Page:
The Nyarlathotep Event by Jonathan Wood, Case File #1: Performance

Reading Time: 4 minutes

We’ve got a special treat for GeekDad readers over the next two weeks, as we’ll be hosting author Jonathan Wood’s serialized story, “The Nyarlathotep Event.” The story itself is based in the world of his recently released debut novel, No Hero—the Lovecraftian urban fantasy that dares to ask, what would Kurt Russell do?

I first met Jonathan about four years ago, and we’ve bonded over rearing kids, falling in love with video game characters, and a mutual love of RPGs. In other words, he’s a certified GeekDad!

The first chapter of No Hero is available for free, and the novel is available from Amazon, Barnes and Noble, and other independent book stores.

Stay tuned tomorrow for the second installment!


The Nyarlathotep Event :: Case File #1 :: Performance

The Oxford Playhouse. Now.

For the record, it is very difficult to pinpoint the exact moment when you went wrong if a woman with a Laura Ashley dress and blood-stained teeth is rhythmically beating your head against the floor. Just so you know.

Ten minutes before

Here’s a treat: a night out at the theater courtesy of work. All expenses paid. The only catch—I might have to gun down the performer halfway through.

See this is the problem with working for shadowy government agencies. There’s always rough to go with the smooth. Yes, you get to enjoy an evening of ancient Egyptian magics, but it is being performed by an interdimensional avatar called Nyarlathotep who hales from a dimension representing humanity’s collective fears. Silver lining meet cloud.

Still, just another night out for Agent Arthur Wallace of MI37.

The niggling familiarity of the the name Nyarlathotep clears up as soon as he steps out on stage. Lovecraft. Whoever summoned him, named him after a gibbering literary horror.

Which, I feel, should inform my plan. Except the only plan I seem to remember old Lovecraft providing was running howling into the night, so I’m not sure how helpful that’s going to be.

Nyarlathotep stands seven feet tall, wrapped in blood red rags. They hang from his shoulders like a cloak. They wreathe his face. Red mist billows about his feet, spills into the theater, spreads out over feet and ankles. People in the front row let out odd barking sounds—the terrifying inbred cousin of laughter. And I’m pretty sure Nyarlathotep’s not told any jokes yet.

And screw evaluating the situation. I reach for my gun.

Nyarlathotep opens his mouth.

There are no words. His mouth moves. Sounds emerge. But it is something beyond speech. Something more profound. Some kinesthetic reflex of bile and horror.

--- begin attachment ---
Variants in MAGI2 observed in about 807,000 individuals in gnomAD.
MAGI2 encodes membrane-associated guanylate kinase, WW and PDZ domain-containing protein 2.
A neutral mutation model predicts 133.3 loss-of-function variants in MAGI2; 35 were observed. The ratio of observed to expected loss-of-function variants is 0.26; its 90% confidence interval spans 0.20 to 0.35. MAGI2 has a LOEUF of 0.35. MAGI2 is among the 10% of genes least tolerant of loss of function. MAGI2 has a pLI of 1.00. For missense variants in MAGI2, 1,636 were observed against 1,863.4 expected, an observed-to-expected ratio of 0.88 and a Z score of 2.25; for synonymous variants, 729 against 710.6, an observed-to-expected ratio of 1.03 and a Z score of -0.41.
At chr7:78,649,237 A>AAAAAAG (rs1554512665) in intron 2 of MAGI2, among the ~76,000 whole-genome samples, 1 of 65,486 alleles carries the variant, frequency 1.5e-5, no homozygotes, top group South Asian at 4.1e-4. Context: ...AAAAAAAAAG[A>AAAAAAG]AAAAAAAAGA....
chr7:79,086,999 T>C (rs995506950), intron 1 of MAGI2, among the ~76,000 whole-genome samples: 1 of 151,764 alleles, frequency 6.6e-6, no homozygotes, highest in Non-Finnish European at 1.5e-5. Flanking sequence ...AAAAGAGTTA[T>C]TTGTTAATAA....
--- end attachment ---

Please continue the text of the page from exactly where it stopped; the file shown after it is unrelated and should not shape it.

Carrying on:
The buzzing of flies. The stench of rotting meat filling my nose my mouth. Burning my throat. I gag. Heave up bile. A liquid scream. Pins in my arms. Needles, and nails, and shards of glass. The grind of cigarette against skin. My brain is burning, melting, is fecal matter sloshing in my skull.

And still his mouth stretches behind reams of cloth. And on and on pours out the filth. Into me.

My gun. I need-

I grab for the thing with numb fingers. Atrocities flicker at the edges of my vision. A noise like a kettle boiling rising, rising, up, and up like an itch I need to reach into my brain to scratch.

Somehow I get the gun loose. I half see it out of one eye, through filters of horror and peeling flesh. I try to sight Nyarlathotep, but I might as well be trying to shoot the moon.

Screw it. I pull the trigger.

The muzzle’s thunderclap hits me like water to the face. Abruptly I’m just a man on his back in a theater, waving a gun about, while around me everyone goes insane.

Men and women are on all fours. They roll in fights. Some screw. Some scream.

On stage, Nyarlathotep stands, arms wide, welcoming it all. The conductor of this pageant of madness. And, Lovecraft old buddy, running and screaming does seem like a good idea right about now.

On the other hand, that’s not what I get paid to do. So I stand. I steady my gun. I draw a bead on the bastard. I think about how I should probably change careers.

Which is exactly the moment the woman in the Laura Ashley number clotheslines me around my throat and brings me down.

My gun scatters. I scrabble at her, coughing and choking, trying to pry her off me. She seizes my head. Slams it onto the floor. Crash. Crash. The room spins. Crash.

Which brings me to the point where I’m left wondering if I’m going to have the time to enumerate all the mistakes I’ve made before my head gives way.

Just another night out for Agent Arthur Wallace of MI37.

Read the next installment, The Nyarlathotep Event: Case File #2: Rescue.

Jonathan Wood is both a geek and a dad—two great flavors that go great together. He posts on twitter as@thexmedic and intermittently blogs at http://www.cogsandneurons.com.

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